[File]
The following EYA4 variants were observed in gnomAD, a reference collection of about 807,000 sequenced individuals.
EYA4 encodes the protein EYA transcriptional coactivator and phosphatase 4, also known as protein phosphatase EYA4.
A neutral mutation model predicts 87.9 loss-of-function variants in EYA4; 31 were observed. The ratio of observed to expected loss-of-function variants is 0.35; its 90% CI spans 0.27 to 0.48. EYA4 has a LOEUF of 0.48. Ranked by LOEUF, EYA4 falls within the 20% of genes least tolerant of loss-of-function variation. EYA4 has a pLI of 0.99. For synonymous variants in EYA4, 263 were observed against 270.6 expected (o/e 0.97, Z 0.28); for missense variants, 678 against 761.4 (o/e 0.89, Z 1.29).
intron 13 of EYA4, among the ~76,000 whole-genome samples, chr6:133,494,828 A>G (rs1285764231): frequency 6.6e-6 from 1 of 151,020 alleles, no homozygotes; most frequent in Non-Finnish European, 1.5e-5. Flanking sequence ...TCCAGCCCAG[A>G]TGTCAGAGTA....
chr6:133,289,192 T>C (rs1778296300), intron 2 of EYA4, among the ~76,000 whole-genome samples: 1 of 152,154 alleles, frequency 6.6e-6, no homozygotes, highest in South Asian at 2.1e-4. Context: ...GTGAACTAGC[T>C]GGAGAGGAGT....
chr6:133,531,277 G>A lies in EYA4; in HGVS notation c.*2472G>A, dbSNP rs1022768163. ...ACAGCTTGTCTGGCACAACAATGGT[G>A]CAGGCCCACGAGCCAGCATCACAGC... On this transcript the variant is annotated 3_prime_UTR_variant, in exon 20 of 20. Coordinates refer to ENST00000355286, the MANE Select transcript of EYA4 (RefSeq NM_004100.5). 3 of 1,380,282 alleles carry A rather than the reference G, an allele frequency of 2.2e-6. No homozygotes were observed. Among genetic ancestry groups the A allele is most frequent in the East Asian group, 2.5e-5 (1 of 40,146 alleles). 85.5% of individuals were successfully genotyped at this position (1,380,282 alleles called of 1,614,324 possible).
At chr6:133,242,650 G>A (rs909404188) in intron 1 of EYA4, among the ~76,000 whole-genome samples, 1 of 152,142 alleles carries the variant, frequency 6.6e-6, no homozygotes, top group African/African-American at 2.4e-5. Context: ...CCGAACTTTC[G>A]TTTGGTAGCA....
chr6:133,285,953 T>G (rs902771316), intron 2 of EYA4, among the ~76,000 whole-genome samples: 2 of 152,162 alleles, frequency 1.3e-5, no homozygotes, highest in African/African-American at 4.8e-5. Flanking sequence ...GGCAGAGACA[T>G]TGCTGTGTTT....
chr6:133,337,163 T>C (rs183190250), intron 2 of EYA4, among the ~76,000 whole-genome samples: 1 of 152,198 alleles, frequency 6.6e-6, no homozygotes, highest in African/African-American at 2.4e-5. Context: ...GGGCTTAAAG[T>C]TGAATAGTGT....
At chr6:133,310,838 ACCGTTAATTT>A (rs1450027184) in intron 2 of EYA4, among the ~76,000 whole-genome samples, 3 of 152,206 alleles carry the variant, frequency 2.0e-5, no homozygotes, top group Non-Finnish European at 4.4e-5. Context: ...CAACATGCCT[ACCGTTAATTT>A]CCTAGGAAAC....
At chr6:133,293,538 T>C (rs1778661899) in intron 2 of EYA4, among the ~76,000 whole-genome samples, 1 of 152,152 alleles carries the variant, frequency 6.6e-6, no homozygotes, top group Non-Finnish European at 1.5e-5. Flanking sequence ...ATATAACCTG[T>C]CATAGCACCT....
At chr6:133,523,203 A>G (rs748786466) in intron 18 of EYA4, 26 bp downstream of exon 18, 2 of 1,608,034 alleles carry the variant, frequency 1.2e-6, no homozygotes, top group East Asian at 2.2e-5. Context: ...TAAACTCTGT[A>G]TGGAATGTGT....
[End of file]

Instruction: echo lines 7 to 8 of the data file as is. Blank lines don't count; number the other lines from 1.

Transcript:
At chr6:133,242,650 G>A (rs909404188) in intron 1 of EYA4, among the ~76,000 whole-genome samples, 1 of 152,142 alleles carries the variant, frequency 6.6e-6, no homozygotes, top group African/African-American at 2.4e-5. Context: ...CCGAACTTTC[G>A]TTTGGTAGCA....
chr6:133,285,953 T>G (rs902771316), intron 2 of EYA4, among the ~76,000 whole-genome samples: 2 of 152,162 alleles, frequency 1.3e-5, no homozygotes, highest in African/African-American at 4.8e-5. Flanking sequence ...GGCAGAGACA[T>G]TGCTGTGTTT....